News room: How to Spring Clean Your Writing

How to Spring Clean Your Writing by Jessica Barrah

It’s Spring! Time to throw open the windows and clean out the cobwebs – not just from your house but from your writing. We give you some tips for tidying up, or even turning over a new leaf for the new season.

1. Get Your Files In Order

Have you got a thousand and one drafts of your writing? Have a good look at the files on your laptop or PC – and make sure you know which version is which.

a) Rename them with the date they were written in the file name, and put them all in one folder, or remove out-of-date versions altogether.

b) Do keep back-ups on a hard drive, flash drive, cloud service or email them to yourself. Keeping multiple back-ups means that if something disastrous happens to your computer, you’ll still have access to all your work. Also save copies of older files before you remove them from your computer. You may have chopped out sections of your work – and then decide later that actually, those chapters need to go back in or could be reworked.

2. Print Out Your Work

Printing out the pieces you’ve been working on is a good idea in general. It’s more tangible than just files on a computer. Seeing your words on a page somehow detaches you from the writing, making it easier to evaluate your work with fresh eyes.

a) Remember to add page numbers, and add a header or footer with the date, so that you can identify which draft it is in the future.
If you have more than one book project, separate them into files or ring binders.

b) Get yourself a big red pen, as you can edit it more easily, and ruthlessly when it’s printed out.

c) Evaluate where you are with the project – you may have more pages or less than expected. Seeing it ‘in the flesh’ you can better imagine how it will actually look as a book, which sections look complete and which sections need fleshing out. You can print a low cost proof copy with CompletelyNovel to see just what it will look like as an end product – and what changes you may need to make. Click here to check on our print calculator how much a proof copy would cost.

3. Make A Plan Of Action

What do you need to do to complete your book?

a)If you’re at the beginning of the process, make a chapter plan and synopsis, to map out what’s going to happen in your book, and get it clear in your own mind.

b) Maybe you’ve been writing your book for a while, but still have a lot of the first draft to complete? Print out and evaluate your manuscript, (as above) and then make a plan of action for finishing it. Annotate your chapter plan to see which parts need work, and which are done.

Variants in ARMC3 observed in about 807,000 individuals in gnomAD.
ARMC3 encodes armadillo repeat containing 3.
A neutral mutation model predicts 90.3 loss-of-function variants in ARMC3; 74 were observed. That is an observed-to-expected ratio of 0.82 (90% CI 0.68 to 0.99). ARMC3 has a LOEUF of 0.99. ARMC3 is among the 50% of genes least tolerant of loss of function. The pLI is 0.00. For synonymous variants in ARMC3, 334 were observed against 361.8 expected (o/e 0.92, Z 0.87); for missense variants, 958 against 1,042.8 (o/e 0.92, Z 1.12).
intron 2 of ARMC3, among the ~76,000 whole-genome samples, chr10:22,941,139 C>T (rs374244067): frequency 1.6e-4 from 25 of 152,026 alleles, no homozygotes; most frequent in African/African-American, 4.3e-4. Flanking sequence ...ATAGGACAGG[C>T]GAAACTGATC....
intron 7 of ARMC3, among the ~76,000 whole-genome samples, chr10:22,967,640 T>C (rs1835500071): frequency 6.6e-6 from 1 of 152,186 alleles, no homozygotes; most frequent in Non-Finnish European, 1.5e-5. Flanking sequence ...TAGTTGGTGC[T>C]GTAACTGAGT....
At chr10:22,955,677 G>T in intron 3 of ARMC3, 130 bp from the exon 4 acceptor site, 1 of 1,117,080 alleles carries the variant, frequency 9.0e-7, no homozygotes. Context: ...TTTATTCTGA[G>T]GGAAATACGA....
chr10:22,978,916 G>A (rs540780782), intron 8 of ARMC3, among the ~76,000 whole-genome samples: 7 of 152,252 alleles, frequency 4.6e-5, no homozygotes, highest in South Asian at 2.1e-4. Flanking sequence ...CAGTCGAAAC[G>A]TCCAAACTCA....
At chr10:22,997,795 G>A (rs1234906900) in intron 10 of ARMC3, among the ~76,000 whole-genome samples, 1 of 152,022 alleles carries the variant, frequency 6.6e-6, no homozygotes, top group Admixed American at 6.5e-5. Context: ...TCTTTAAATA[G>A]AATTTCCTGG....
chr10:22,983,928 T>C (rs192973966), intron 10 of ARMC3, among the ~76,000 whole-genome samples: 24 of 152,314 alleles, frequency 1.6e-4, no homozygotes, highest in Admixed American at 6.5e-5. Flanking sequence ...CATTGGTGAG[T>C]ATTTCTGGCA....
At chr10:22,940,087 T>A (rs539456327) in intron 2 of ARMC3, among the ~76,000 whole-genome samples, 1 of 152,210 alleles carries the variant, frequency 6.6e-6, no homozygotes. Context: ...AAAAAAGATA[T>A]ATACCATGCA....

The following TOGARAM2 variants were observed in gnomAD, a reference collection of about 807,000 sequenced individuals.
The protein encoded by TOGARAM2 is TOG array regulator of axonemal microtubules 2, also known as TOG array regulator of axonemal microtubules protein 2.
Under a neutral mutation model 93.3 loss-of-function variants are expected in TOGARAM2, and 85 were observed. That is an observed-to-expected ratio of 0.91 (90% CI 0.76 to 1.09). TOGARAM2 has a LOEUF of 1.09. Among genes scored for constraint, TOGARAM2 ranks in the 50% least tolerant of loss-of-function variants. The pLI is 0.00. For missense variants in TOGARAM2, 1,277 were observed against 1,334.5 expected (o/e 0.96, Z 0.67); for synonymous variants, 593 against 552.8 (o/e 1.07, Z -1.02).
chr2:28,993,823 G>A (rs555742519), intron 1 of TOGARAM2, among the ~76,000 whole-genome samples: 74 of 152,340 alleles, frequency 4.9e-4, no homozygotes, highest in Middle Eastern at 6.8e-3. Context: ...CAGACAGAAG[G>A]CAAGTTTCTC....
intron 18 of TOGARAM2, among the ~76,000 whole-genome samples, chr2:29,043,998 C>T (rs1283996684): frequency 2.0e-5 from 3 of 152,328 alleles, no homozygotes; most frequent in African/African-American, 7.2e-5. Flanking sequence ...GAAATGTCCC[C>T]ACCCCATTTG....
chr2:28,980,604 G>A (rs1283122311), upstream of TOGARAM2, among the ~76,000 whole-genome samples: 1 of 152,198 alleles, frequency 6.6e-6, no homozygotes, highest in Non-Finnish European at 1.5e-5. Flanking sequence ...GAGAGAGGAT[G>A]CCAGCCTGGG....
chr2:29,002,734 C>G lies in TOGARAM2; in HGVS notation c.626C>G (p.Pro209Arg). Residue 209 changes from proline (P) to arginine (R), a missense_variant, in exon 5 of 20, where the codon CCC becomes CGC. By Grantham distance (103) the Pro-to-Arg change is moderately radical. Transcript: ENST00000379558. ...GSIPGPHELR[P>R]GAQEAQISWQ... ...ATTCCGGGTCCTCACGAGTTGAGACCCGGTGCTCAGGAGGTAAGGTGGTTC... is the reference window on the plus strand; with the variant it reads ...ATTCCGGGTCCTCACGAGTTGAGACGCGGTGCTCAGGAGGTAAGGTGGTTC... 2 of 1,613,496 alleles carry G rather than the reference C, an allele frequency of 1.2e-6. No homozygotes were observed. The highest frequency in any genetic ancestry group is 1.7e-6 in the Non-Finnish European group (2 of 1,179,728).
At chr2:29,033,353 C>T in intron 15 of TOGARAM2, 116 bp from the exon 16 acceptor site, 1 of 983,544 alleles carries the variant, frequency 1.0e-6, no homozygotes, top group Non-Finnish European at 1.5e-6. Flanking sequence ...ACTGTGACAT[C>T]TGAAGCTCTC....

c) If you’re at the editing stage, work out what you need to do to publish your book. Who might you need to help? Do you need to contact editors, proof readers, book cover designers? You can get your book typeset with us, and we can also design you a cover. See the services we offer here. You can find editors and proof readers on our People We Trust page or if you’re on a low budget, you could ask friends and family to help.

d) If your book is basically ready to go, then congratulations! Now it’s time to print proof copies with us, and map out your marketing plan. Decide exactly how you’re going to launch your book to make it a great success. Find tips on our advice pages.

Timetable Your Writing Sessions

Don’t spend too much time at the planning stage. Unless your manuscript is ready to go, you do still have to finish actually writing your book!

a) Get into a regular writing schedule – preferably writing every day. Now that the mornings are lighter, it’s easier to get up an hour early, and write before the rest of the world wakes up. Then you can feel smug that you’ve already done your writing for the rest of the day.

b) If you aren’t a morning person, then map out when you’re able to write during the week – and stick to it.

We hope these tips are helpful – and look forward to helping you get your books published this Spring!

Further reading:

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Written by
Jessica Barrah
Published on
Writing, Authors, Self-publishing, Publishing, and Spring